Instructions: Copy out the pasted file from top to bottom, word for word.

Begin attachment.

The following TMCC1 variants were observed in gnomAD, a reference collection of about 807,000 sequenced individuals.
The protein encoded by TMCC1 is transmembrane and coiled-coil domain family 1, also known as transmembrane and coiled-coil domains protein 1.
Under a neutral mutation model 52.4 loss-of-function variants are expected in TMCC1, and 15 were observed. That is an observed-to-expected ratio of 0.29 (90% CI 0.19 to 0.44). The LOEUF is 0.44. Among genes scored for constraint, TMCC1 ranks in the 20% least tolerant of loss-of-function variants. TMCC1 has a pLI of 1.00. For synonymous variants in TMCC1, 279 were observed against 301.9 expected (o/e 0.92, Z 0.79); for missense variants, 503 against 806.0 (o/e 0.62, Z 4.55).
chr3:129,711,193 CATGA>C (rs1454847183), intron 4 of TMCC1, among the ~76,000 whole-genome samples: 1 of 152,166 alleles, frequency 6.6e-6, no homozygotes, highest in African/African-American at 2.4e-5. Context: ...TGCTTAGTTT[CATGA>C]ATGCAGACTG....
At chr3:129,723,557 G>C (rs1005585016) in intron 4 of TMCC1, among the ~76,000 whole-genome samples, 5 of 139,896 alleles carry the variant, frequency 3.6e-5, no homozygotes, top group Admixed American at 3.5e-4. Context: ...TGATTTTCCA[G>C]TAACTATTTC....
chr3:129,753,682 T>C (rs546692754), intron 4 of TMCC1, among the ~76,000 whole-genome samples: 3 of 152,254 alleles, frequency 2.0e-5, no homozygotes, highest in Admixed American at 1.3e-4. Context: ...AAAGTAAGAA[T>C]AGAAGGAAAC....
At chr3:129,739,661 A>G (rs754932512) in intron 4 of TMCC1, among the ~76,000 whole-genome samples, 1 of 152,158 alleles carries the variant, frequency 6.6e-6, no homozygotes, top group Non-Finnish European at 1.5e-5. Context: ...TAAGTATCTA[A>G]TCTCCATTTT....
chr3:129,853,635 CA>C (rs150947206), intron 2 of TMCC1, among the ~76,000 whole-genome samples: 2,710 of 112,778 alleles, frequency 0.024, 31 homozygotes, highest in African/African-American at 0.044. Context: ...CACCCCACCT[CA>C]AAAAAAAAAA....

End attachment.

The following TMCC1 variants were observed in gnomAD, a reference collection of about 807,000 sequenced individuals.
The protein encoded by TMCC1 is transmembrane and coiled-coil domain family 1, also known as transmembrane and coiled-coil domains protein 1.
Under a neutral mutation model 52.4 loss-of-function variants are expected in TMCC1, and 15 were observed. That is an observed-to-expected ratio of 0.29 (90% CI 0.19 to 0.44). The LOEUF is 0.44. Among genes scored for constraint, TMCC1 ranks in the 20% least tolerant of loss-of-function variants. TMCC1 has a pLI of 1.00. For synonymous variants in TMCC1, 279 were observed against 301.9 expected (o/e 0.92, Z 0.79); for missense variants, 503 against 806.0 (o/e 0.62, Z 4.55).
chr3:129,711,193 CATGA>C (rs1454847183), intron 4 of TMCC1, among the ~76,000 whole-genome samples: 1 of 152,166 alleles, frequency 6.6e-6, no homozygotes, highest in African/African-American at 2.4e-5. Context: ...TGCTTAGTTT[CATGA>C]ATGCAGACTG....
At chr3:129,723,557 G>C (rs1005585016) in intron 4 of TMCC1, among the ~76,000 whole-genome samples, 5 of 139,896 alleles carry the variant, frequency 3.6e-5, no homozygotes, top group Admixed American at 3.5e-4. Context: ...TGATTTTCCA[G>C]TAACTATTTC....
chr3:129,753,682 T>C (rs546692754), intron 4 of TMCC1, among the ~76,000 whole-genome samples: 3 of 152,254 alleles, frequency 2.0e-5, no homozygotes, highest in Admixed American at 1.3e-4. Context: ...AAAGTAAGAA[T>C]AGAAGGAAAC....
At chr3:129,739,661 A>G (rs754932512) in intron 4 of TMCC1, among the ~76,000 whole-genome samples, 1 of 152,158 alleles carries the variant, frequency 6.6e-6, no homozygotes, top group Non-Finnish European at 1.5e-5. Context: ...TAAGTATCTA[A>G]TCTCCATTTT....
chr3:129,853,635 CA>C (rs150947206), intron 2 of TMCC1, among the ~76,000 whole-genome samples: 2,710 of 112,778 alleles, frequency 0.024, 31 homozygotes, highest in African/African-American at 0.044. Context: ...CACCCCACCT[CA>C]AAAAAAAAAA....